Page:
Review: How It Ends

July 22, 2018


Remember that one time when Netflix produced a great original movie? 


Neither do I. 


So with that being said, let’s talk about How It Ends! I’ll tell you right out of the gate that there were SOME things that I liked about this movie! Sadly those are very few and far between. 


How It Ends is about Will Younger (Theo James) traveling west with his future father in law (Forest Whitaker) to find his pregnant fiancée in the midst of an unexplained and strange apocalypse. Believe it or not, that 28 word description was more interesting than the whole movie. 


I’ll start with the good before I tear this thing apart. When the movie began, one of my first takeaways was how incredibly beautiful it looked. The panning shots of the city and landscapes looked great! After a few minutes had passed, I actually thought the movie was setting up potential for a thrilling plot, but then it progressively proved me wrong. My other positive for this movie (and honestly the only reason I watched it) was Forest Whitaker. Seriously, does anybody not love this guy? Even in some of the dumbest roles, I feel like he is always trying his absolute hardest (i.e. Taken 3). But back to the film, I also thought Theo James was decent enough in his role that required little to no acting beyond generic and cliche dialogue. 


Moving into the bad, I think cliche is a good word to sum up this one. It felt like several predictable plot lines that we have all seen before. Within the first couple minutes, they have already introduced the audience to the, “I don’t like the guy that wants to marry my daughter, but I bet I will later,” cliche. So my main problem with the film would basically be that it was proposed as an original idea but that it follows every single detail that you have already seen a thousand times. However, I feel that this is a movie that requires an extra level of attention to detail in this review. I will now be digging into spoilers, but in reality, you weren’t going to watch this movie anyway. Even if you were going to watch this one, you can already tell how it ends based on trailers, descriptions, common sense, every apocalyptic movie that you’ve ever seen, etc.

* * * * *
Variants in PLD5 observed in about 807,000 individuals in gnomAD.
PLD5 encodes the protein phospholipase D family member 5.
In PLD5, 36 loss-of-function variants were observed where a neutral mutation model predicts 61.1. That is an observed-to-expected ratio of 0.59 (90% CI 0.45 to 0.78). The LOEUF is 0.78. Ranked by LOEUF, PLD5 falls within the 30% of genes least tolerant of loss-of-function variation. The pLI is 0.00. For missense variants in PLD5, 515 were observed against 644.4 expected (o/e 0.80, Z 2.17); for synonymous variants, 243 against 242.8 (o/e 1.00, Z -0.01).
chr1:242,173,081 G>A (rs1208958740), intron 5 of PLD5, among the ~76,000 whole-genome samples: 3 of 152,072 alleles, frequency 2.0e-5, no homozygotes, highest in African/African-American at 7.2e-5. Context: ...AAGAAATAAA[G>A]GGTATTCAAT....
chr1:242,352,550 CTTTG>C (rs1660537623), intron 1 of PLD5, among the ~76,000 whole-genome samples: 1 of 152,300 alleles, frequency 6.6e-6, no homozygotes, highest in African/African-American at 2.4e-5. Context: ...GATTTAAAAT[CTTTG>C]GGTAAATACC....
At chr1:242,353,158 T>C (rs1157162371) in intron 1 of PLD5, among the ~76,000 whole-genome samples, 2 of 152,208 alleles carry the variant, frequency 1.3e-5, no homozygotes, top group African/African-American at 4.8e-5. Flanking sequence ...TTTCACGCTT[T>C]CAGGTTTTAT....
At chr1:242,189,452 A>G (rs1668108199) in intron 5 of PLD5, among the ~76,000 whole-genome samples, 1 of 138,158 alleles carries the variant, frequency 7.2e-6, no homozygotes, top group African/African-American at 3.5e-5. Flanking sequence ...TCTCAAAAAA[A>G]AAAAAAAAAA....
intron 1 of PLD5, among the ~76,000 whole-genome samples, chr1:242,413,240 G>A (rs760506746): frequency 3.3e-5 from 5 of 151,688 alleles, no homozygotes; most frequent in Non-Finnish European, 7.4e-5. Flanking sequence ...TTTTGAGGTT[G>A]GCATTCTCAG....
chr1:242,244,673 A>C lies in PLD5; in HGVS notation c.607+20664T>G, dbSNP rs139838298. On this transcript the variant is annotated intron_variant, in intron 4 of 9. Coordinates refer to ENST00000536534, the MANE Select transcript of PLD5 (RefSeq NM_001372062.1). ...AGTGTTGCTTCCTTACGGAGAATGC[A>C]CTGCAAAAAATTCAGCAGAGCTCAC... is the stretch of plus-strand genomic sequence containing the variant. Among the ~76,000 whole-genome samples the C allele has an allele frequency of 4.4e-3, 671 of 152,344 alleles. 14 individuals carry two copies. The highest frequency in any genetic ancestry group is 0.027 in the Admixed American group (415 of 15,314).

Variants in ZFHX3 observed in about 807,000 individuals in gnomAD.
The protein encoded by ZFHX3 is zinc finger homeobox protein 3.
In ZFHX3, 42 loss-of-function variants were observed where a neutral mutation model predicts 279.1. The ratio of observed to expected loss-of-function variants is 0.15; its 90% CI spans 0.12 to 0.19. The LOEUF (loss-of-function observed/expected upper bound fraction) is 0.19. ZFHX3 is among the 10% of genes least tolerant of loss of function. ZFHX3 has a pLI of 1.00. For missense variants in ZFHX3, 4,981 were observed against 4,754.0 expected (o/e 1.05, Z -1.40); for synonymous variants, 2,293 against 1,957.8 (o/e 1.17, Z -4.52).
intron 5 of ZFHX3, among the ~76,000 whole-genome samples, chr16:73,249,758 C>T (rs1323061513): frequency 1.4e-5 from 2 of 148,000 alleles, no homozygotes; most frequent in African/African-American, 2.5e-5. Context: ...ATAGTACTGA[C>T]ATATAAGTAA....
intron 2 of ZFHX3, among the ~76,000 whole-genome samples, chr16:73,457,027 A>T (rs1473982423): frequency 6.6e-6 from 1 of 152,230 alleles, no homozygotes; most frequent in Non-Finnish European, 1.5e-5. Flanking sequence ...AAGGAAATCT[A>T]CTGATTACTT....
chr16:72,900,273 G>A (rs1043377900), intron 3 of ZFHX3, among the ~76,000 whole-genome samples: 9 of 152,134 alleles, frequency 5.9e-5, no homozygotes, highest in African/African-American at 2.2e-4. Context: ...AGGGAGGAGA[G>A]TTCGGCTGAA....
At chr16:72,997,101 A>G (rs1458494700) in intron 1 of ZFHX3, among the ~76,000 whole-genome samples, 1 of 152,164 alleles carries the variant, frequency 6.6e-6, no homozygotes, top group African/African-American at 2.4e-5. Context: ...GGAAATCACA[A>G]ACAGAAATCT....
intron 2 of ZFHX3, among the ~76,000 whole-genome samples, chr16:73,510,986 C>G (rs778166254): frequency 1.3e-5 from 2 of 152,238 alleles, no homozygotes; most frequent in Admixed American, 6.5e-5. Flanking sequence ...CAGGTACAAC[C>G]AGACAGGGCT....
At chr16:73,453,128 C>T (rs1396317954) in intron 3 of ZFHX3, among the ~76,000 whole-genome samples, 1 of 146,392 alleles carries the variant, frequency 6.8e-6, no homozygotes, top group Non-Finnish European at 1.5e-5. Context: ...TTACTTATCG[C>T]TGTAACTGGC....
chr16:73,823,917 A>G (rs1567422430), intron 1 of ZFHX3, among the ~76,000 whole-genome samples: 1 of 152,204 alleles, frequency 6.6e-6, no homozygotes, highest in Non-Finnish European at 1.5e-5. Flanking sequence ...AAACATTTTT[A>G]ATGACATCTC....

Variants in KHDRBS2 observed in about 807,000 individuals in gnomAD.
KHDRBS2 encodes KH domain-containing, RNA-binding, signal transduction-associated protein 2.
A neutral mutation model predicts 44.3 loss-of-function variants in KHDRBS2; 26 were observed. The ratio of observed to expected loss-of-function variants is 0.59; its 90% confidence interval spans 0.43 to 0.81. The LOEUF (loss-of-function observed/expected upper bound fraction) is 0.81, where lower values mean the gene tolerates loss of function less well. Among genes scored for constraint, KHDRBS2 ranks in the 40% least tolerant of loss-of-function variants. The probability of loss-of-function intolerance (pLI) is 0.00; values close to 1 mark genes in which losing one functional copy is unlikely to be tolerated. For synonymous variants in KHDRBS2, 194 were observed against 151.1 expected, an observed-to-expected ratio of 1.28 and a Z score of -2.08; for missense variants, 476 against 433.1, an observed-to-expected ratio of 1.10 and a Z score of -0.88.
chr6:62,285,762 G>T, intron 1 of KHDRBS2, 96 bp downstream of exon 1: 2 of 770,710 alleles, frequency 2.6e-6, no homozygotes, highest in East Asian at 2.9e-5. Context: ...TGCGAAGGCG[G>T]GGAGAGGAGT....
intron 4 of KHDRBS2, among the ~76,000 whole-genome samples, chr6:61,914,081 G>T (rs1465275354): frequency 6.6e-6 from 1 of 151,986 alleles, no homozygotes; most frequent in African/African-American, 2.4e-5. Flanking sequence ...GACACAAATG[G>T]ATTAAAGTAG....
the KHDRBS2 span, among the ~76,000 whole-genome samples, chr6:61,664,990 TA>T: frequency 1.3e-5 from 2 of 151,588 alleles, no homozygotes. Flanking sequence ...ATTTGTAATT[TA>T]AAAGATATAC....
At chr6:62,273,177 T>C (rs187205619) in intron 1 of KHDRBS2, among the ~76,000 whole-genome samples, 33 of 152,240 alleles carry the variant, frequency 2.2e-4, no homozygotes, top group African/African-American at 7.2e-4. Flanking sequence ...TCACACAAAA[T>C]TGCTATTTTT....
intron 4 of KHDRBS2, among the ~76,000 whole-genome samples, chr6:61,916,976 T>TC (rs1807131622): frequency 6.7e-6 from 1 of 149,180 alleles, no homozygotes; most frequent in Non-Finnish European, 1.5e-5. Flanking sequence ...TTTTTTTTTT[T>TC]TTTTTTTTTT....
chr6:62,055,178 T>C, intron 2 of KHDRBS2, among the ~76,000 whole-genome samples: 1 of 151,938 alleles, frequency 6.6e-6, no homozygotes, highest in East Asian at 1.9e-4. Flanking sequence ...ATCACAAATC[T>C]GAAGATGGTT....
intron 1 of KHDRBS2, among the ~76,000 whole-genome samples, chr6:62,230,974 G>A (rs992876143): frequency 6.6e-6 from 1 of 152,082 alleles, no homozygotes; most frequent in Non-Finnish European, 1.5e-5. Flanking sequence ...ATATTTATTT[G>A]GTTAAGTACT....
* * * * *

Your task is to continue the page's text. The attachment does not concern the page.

Here is my official SPOILER WARNING!


Thank you for reading on! So Will is basically a character that is meant to be your privileged dude that never got his hands dirty and never spent any time around a gun, whereas his future father in law is a veteran that seems like a guy who has thought about his apocalypse preparedness plan plenty of times before.


Shortly after we see the cliche moment of the phone call cutting out on Will as he spoke to his fiancée, Will’s future father in law is already packed and ready to go hunting for his daughter. For those that don’t know, Will’s fiancée was in Seattle, while Will and his future father in law were in Chicago. So out on the road they go! When faced with trouble, we find that the future father in law can kill like it’s nobody’s business. SHOCKER! Then we see that Will, despite his previously established incompetence with a firearm, is shooting with decent accuracy and a full intent to kill (quite a sudden change, right?).


A little later, we meet another cliche character! Ricki immediately gives off the vibes of an angsty teen and she never really grows beyond that. The character had an odd introduction to what could have been an interesting story arc but it was never revisited in the rest of the film. Nonetheless, the movie continued and we saw that the future father in law had an injury which was progressively getting worse. Kinda weird how the injury didn’t bother him all that much until it was time for an emotional conversation.


Cue the obvious opportunity for more cliches. They have the obligatory, “I am glad you’re the man marrying my daughter,” conversation which really felt pathetic at this point. Nonetheless, our movie continues to get worse as the future father in law dies from his injuries that probably could’ve been all fixed up about an hour earlier in the film, but of course that would not have fit the cliche storytelling.


So onward our protagonist goes. Will enters Seattle and conveniently finds a sign left by Sam, telling him exactly where to go. Sounds like a safe idea during an apocalypse right? At this point in the film they have established that basically the only two people to make it out of the city were Sam and her psycho neighbor. Why did the neighbor have to be creepy and want to kill Will? I honestly could not even begin to formulate a legitimate answer for such a question. But of course, the show must go on despite my question.


The closing scenes of the movie show a cliche dialogue of Will telling his future wife that it will be okay as a giant cloud of dust and destruction chases them down the road, getting closer and closer. Then it’s over, in all of its cliche glory. We are left only with hope that such a monstrous apocalypse could finally put these ridiculous characters out of their misery.


Overall, this is definitely not a good one. It was a story that had potential for fun but it failed to overcome a poorly thought out plot. Unfortunately my only real compliment to this film is that... well... it's pretty!


I give 'How It Ends' a 3.1/10


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